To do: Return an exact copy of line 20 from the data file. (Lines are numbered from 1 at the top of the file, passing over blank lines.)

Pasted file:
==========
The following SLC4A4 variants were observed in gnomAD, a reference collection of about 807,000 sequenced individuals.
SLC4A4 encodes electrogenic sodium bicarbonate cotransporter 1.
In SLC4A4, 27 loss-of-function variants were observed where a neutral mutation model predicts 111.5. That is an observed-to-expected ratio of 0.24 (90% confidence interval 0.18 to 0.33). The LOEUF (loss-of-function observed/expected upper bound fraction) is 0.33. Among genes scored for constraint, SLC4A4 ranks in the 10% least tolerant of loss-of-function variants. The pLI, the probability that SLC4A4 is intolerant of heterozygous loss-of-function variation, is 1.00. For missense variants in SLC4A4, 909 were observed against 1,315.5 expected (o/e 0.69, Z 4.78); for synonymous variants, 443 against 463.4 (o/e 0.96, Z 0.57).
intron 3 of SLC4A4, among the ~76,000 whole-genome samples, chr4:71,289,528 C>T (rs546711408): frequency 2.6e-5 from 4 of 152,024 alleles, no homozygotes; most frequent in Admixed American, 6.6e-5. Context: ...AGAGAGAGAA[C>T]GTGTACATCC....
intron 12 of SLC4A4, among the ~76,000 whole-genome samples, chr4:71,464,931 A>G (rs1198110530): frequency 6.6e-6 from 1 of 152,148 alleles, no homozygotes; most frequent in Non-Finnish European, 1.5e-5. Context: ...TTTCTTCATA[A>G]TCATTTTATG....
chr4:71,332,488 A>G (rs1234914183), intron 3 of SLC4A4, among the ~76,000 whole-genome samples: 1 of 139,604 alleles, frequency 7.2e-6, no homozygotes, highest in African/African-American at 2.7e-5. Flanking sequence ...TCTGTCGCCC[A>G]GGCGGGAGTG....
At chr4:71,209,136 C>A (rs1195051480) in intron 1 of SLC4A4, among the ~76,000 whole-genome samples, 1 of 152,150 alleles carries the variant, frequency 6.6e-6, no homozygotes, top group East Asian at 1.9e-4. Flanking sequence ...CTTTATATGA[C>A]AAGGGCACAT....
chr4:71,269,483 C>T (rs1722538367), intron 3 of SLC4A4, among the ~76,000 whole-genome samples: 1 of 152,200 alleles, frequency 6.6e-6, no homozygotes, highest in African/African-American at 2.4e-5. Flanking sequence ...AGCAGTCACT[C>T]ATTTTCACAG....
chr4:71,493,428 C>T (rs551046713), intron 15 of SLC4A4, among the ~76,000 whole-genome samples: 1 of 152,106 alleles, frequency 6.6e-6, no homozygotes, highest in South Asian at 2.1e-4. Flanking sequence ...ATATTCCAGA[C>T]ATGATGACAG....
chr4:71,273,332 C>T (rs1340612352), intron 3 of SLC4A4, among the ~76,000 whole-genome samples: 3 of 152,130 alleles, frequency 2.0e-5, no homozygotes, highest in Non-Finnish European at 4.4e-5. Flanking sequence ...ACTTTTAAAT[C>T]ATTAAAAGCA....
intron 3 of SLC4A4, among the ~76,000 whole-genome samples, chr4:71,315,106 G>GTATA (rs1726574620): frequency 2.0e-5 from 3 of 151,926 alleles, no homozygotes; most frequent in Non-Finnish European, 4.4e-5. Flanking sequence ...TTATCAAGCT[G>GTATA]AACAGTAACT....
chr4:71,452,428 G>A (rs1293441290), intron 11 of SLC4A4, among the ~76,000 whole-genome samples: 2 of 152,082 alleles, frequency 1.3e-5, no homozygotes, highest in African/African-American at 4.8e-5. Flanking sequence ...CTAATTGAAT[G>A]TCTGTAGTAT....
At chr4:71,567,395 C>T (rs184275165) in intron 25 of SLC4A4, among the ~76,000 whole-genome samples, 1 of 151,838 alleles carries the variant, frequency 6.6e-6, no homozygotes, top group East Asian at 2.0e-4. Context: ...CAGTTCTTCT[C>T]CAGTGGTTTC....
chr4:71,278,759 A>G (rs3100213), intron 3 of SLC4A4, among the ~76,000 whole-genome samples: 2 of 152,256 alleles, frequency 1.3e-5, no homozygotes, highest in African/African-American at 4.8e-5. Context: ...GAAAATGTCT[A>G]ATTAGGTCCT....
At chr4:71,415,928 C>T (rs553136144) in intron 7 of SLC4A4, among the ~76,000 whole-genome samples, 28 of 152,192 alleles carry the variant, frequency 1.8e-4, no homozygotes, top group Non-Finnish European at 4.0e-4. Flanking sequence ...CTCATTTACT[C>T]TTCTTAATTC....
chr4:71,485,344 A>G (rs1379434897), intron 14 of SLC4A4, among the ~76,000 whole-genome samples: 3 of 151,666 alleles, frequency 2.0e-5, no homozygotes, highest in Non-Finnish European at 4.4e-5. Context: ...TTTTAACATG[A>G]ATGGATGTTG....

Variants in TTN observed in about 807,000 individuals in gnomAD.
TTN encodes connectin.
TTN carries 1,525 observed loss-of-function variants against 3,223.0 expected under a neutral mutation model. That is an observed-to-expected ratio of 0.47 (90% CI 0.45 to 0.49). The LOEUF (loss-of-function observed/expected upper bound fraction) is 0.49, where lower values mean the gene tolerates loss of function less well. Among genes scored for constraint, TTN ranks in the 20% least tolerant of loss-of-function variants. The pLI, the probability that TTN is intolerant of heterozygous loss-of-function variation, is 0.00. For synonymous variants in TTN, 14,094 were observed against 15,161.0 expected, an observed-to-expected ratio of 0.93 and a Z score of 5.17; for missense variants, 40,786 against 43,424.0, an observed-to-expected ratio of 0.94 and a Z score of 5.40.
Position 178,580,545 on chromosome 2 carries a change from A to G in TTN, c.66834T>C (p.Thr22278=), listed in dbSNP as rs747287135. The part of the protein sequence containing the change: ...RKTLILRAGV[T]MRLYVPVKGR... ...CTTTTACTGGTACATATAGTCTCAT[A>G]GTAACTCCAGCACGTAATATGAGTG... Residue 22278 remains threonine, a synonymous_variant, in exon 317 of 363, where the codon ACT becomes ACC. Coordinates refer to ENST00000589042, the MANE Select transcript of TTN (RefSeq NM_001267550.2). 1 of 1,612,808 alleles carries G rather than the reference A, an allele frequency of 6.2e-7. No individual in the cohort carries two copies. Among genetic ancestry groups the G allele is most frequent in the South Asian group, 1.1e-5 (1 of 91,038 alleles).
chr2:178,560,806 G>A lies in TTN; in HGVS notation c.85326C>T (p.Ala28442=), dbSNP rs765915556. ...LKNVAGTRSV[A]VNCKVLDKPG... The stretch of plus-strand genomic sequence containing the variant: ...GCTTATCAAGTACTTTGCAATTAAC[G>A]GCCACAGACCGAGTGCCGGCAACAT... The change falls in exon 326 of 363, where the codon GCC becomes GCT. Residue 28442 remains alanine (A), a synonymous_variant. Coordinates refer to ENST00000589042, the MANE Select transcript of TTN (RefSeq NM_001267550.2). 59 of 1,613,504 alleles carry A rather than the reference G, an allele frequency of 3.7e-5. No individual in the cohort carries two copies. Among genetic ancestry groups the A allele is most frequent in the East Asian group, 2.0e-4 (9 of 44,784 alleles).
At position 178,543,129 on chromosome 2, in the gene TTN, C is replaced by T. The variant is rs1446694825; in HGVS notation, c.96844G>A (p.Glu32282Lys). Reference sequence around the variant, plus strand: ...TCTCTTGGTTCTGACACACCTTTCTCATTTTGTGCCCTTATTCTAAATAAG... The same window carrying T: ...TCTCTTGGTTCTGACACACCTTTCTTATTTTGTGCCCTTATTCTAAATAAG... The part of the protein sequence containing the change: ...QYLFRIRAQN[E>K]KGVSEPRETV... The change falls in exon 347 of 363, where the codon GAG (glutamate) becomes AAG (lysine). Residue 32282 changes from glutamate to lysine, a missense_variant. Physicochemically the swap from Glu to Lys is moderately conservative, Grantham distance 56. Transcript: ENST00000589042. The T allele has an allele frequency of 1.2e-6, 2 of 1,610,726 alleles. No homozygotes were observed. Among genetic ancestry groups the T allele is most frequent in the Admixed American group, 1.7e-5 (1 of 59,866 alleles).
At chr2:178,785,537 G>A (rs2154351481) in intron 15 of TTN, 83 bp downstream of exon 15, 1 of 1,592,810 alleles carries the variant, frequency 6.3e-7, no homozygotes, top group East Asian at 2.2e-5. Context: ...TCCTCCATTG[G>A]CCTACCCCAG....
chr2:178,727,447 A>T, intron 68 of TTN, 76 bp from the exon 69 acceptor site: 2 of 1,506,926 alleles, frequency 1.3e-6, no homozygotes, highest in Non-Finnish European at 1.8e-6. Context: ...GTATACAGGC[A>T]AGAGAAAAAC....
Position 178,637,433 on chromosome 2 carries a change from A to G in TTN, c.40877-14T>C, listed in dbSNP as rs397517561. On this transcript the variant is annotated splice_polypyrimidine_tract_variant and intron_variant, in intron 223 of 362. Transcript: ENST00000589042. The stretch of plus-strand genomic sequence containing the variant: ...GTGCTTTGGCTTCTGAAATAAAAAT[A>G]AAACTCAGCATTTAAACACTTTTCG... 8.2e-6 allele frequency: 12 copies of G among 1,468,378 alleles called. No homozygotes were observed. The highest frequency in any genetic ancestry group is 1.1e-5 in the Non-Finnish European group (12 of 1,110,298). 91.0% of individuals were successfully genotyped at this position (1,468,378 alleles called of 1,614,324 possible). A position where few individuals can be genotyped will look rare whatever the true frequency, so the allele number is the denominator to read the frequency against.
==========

Position 178,580,545 on chromosome 2 carries a change from A to G in TTN, c.66834T>C (p.Thr22278=), listed in dbSNP as rs747287135. The part of the protein sequence containing the change: ...RKTLILRAGV[T]MRLYVPVKGR... ...CTTTTACTGGTACATATAGTCTCAT[A>G]GTAACTCCAGCACGTAATATGAGTG... Residue 22278 remains threonine, a synonymous_variant, in exon 317 of 363, where the codon ACT becomes ACC. Coordinates refer to ENST00000589042, the MANE Select transcript of TTN (RefSeq NM_001267550.2). 1 of 1,612,808 alleles carries G rather than the reference A, an allele frequency of 6.2e-7. No individual in the cohort carries two copies. Among genetic ancestry groups the G allele is most frequent in the South Asian group, 1.1e-5 (1 of 91,038 alleles).